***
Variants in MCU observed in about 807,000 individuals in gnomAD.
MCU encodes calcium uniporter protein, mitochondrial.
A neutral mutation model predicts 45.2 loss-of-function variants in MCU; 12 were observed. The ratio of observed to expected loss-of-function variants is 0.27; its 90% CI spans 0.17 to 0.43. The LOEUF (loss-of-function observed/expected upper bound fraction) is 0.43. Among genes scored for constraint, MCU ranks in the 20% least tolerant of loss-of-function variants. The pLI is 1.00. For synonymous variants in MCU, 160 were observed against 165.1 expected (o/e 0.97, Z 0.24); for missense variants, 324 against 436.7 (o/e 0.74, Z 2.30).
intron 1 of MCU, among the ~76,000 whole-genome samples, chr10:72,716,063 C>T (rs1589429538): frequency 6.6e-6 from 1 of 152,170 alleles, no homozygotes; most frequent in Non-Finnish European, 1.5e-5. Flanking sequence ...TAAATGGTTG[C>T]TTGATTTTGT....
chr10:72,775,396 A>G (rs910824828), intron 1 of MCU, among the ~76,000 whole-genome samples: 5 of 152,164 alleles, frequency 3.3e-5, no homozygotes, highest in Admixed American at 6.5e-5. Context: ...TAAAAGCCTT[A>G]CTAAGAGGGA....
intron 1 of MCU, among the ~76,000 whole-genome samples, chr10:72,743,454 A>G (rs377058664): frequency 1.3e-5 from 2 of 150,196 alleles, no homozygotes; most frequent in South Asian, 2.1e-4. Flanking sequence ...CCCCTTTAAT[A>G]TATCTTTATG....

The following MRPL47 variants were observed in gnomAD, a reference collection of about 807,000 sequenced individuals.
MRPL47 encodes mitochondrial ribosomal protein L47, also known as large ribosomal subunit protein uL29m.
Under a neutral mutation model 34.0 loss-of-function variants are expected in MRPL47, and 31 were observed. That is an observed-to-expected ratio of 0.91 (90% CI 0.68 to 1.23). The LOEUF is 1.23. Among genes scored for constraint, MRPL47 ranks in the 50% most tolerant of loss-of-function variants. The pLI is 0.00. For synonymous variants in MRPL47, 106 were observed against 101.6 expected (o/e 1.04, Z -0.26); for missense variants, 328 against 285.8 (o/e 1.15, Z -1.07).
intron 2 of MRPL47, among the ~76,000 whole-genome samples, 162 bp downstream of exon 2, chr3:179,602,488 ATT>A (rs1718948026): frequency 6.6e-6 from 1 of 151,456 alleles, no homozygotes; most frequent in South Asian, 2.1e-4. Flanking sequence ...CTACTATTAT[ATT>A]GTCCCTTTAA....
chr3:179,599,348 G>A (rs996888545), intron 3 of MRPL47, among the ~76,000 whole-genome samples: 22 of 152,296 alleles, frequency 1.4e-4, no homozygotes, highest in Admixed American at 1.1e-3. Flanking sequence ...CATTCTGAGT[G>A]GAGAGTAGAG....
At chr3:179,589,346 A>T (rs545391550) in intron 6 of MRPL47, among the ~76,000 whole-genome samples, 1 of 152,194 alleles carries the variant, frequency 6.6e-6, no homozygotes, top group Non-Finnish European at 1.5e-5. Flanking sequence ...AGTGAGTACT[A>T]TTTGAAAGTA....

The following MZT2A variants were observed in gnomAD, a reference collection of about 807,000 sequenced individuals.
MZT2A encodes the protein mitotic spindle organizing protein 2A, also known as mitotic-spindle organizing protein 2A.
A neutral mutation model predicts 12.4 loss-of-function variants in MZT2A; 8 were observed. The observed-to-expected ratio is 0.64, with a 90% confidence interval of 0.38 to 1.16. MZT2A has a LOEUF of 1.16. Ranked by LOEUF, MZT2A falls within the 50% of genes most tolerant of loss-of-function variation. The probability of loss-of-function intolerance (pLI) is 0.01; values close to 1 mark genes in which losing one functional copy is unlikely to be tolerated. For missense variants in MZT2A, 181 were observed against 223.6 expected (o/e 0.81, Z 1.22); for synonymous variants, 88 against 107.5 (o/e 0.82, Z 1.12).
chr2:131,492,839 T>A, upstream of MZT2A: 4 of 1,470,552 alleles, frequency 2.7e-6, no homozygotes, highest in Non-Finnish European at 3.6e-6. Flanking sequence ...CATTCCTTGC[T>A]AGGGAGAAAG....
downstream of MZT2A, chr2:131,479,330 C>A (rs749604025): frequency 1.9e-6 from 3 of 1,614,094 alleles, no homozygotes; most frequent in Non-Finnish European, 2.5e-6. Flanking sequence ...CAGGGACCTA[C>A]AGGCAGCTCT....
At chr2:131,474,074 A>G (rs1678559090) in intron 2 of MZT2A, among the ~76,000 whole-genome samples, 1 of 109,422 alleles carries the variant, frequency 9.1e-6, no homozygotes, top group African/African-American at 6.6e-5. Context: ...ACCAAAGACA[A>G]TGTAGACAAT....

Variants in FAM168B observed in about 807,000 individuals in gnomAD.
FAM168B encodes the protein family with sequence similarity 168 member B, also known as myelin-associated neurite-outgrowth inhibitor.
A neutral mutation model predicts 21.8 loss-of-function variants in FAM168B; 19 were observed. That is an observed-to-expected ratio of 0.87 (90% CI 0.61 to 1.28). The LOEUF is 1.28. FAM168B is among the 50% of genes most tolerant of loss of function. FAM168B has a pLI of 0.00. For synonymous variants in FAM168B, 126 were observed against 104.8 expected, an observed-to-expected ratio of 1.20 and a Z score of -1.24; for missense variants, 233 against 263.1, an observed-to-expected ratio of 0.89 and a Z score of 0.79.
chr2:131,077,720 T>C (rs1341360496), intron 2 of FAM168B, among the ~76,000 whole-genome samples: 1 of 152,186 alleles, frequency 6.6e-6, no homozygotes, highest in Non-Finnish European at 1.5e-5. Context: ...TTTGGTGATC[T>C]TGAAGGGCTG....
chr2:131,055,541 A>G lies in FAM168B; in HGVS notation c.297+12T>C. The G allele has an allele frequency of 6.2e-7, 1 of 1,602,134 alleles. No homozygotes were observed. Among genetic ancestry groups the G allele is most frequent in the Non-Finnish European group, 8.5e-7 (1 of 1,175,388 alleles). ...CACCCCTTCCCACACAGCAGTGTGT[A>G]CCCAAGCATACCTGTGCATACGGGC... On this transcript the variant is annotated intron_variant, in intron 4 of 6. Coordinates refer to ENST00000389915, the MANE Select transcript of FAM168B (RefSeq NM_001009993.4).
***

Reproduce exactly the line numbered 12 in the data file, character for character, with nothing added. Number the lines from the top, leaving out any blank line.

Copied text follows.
At chr3:179,589,346 A>T (rs545391550) in intron 6 of MRPL47, among the ~76,000 whole-genome samples, 1 of 152,194 alleles carries the variant, frequency 6.6e-6, no homozygotes, top group Non-Finnish European at 1.5e-5. Flanking sequence ...AGTGAGTACT[A>T]TTTGAAAGTA....